A notion that often exists as an undercurrent in our lives rather than a main player. I’ve been thinking a great deal about passion lately, and in many of its contexts. The start of the year has been fast and furious for The Care Plan as an organization, and for myself as a caregiver to loved ones.

Every time I enter into the role of caregiver, I am immediately reconnected to my passion for this work. In particular I remember how vulnerable and tenuous the relationship between caregiver and care recipient can be to navigate, and how much it changes you. My caregiving this year started in January with assisting a loved one through a gender affirming surgery. We spent December talking about the importance of letting people in by working through the internal resistance to accept support. By January we had developed a plan and schedule. We asked friends to make meals and to stay with him for a few days, or a few hours. After the surgery I visited every night on my way home to provide emotional support and be sure the healing process was going smoothly.

Shortly after that, it was discovered that my mother would need to have a surgery caused due to a complication of her diabetes and arthritis. My mom has been suffering from these conditions for over fifteen years, so this places me in the midst of a very different type of caregiving experience. With no end in sight, witnessing her daily pain and discomfort, the multiple specialists and overwhelming amount of medication she takes to manage her health can be disheartening. Every time there is a surgery or any major change, I find myself holding my breath. I am filled with concern, anxiety, and the stress that every caregiver feels when the life of a loved one hangs in the balance.

However, my passion is not nearly as deep or enduring as my father’s. His love for my mother has spanned decades, they have been married for over 40 years. Their passion has changed vastly from the early years. In the beginning they traveled the country together after quitting college for a life of adventure. Recently my dad was reflecting on how grateful he was they had taken that time because you never know what the future holds. The days of traveling and looking towards the horizon have given way to full days at work and evenings administering dialysis. Bickering about how to raise kids, or making financial decisions has turned to bickering about taking medications and doing what the doctor said. Sound familiar?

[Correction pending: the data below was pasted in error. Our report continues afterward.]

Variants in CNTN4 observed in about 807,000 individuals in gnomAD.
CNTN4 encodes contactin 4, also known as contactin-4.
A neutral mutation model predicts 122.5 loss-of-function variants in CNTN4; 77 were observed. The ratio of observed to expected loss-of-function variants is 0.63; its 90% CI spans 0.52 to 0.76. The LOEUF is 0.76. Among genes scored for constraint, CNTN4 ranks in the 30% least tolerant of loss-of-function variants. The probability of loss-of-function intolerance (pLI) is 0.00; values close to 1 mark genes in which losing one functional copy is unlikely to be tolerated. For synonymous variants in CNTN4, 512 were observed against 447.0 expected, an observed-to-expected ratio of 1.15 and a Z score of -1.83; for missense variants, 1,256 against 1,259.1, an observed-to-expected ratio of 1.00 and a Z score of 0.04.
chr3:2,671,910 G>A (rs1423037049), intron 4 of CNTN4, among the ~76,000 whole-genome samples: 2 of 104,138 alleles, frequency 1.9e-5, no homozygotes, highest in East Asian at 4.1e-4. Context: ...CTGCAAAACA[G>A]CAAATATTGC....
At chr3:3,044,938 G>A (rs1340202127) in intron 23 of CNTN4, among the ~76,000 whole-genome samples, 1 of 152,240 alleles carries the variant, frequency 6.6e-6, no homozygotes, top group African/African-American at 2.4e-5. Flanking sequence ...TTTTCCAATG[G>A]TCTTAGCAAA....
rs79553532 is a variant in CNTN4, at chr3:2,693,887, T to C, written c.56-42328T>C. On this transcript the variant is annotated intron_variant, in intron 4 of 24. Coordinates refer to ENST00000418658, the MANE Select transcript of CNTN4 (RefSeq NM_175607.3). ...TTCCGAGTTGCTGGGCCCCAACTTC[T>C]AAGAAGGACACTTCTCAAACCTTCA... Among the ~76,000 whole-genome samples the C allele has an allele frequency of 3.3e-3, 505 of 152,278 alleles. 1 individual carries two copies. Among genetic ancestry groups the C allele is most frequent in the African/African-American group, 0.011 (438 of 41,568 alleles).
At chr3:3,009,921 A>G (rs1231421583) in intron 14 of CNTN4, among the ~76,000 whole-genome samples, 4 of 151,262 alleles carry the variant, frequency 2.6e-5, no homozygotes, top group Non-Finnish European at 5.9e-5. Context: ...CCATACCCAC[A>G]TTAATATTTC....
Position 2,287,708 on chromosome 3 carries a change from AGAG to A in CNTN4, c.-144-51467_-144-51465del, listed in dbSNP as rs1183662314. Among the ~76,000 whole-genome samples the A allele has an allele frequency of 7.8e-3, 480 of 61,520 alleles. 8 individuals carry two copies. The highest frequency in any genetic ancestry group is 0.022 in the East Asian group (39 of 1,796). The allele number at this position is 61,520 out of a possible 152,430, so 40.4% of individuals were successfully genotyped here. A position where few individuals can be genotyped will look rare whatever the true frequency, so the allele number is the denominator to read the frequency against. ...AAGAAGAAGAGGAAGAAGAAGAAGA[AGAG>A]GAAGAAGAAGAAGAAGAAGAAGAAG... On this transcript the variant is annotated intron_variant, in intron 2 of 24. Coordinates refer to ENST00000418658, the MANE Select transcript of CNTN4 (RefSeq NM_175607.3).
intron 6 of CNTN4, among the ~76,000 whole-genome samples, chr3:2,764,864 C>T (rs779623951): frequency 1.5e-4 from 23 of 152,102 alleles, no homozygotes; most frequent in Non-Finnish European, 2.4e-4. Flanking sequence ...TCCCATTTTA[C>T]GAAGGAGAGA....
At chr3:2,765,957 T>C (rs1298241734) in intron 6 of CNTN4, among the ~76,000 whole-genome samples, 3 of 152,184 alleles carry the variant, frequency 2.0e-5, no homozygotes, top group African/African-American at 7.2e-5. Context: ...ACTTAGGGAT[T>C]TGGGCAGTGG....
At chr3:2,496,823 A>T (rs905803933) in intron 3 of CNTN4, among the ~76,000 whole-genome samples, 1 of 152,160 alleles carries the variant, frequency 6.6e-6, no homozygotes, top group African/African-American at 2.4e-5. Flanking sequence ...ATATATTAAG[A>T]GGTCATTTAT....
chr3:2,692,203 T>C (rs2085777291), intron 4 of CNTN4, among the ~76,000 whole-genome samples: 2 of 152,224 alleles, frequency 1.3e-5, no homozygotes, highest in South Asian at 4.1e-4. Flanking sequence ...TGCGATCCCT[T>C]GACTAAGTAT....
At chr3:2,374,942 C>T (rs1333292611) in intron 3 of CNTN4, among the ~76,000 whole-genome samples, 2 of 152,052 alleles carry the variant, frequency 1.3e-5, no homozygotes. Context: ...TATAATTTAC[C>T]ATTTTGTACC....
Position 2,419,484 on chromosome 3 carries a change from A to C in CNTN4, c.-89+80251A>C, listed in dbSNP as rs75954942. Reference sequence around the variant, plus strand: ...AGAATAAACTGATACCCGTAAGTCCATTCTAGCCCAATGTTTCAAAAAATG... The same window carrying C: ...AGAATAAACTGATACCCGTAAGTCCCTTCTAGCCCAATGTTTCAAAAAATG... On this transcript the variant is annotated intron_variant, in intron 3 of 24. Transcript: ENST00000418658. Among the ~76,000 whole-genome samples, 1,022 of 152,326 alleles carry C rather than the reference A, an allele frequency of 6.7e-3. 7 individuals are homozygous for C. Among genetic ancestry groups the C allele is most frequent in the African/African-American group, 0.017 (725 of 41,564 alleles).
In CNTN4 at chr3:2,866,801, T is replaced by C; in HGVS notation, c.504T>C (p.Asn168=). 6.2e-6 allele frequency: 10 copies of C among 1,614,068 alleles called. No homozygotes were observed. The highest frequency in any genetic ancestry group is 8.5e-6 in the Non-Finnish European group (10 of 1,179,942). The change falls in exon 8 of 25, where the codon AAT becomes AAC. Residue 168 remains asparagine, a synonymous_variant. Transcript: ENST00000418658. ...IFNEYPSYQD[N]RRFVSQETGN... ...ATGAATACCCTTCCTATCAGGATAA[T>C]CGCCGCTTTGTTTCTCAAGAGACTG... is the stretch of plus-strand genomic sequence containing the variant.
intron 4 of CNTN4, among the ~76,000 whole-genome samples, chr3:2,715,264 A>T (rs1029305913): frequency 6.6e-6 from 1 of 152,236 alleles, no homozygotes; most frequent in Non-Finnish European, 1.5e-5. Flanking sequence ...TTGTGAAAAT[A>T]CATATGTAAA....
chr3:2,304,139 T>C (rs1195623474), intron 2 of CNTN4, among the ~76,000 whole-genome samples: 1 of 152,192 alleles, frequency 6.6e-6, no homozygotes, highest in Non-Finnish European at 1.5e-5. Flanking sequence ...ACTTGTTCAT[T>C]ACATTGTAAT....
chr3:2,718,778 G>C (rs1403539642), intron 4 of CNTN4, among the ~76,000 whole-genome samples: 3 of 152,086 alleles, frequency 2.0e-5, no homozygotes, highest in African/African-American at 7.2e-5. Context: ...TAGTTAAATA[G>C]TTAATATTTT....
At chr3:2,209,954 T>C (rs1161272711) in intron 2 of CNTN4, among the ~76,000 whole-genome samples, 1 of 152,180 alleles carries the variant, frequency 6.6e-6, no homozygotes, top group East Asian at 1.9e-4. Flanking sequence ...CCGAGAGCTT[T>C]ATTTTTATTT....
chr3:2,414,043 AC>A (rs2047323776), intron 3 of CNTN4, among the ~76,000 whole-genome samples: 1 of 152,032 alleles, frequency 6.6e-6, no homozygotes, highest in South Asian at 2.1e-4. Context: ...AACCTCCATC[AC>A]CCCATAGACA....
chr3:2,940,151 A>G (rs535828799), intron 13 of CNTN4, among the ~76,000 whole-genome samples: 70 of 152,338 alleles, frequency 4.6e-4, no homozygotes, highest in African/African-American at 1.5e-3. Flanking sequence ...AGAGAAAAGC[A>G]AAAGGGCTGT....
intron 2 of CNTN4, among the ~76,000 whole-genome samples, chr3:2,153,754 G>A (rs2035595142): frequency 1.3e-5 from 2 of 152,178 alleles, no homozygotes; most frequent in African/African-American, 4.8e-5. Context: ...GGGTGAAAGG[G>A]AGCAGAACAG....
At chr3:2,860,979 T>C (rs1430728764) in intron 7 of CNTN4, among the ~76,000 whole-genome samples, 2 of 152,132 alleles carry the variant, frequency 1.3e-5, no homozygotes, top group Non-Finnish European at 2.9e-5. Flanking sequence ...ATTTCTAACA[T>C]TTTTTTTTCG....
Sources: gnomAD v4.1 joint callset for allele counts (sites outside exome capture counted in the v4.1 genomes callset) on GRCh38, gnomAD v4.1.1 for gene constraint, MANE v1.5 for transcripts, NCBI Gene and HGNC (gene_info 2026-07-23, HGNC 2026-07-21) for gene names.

It is incredibly challenging to be a long term caregiver, no matter how much you love the other person. It is also incredibly challenging to be in need of care, to feel less independent, less able, and like your body or mind are betraying you. Caregiving is personal, and some days takes more than you have to give.

I have seen time and again the enduring passion that it takes to care well while staying committed through the ups and downs; to keep advocating when you aren’t sure what questions to ask. To get up early and stay up late, making sure everything is done the right way. Caregiving is an act of true passion and love, but it shouldn’t take all you have to give.

How do we funnel that passion in a way that is supportive yet sustainable? The truth is, not without help. In all of my caregiver roles, I build a team. For my mom that team is anchored by my father but has been cultivated to include family, friends, and caregivers – each helping to lighten the load for the other and bring a different light to my mother’s daily life. We aren’t perfect, but we also aren’t burning out.

Here are a few tips to help you help the ones you love, to stay rooted in the enduring passion that keeps you in each other’s lives.

  • Don’t sign up for more than you can handle
  • Say yes when help is offered
  • Build a team
  • See each other as people first
  • Take time for you every week
  • Ignore the inner voice that says you aren’t doing enough
  • Call The Care Plan if you are feeling overwhelmed

This year The Care Plan is working to develop more tools and ways to support caregivers and care recipients. We welcome your engagement and want to be sure you have the resources you need.

  1. If you are a past, present, or future caregiver we invite you to join our new online support group. The Caring Community can be found on Facebook here. .
  2. For tips and advice on everything from hiring caregivers to communication, to finding LGBTQ+ competent care, subscribe to our YouTube Channel here for twice monthly videos.
  3. Follow our Instagram and Twitter for Wisdom Wednesdays to keep you inspired (insert link)
  4. Call anytime you have questions or would like to talk about the challenges you face.

Thank you for being connected to us, thank you for the work you put in supporting the ones you love. Thank you for bringing your passion even on the difficult days. Take good care, and we’ll talk soon.

 

Warmly,

Jacqueline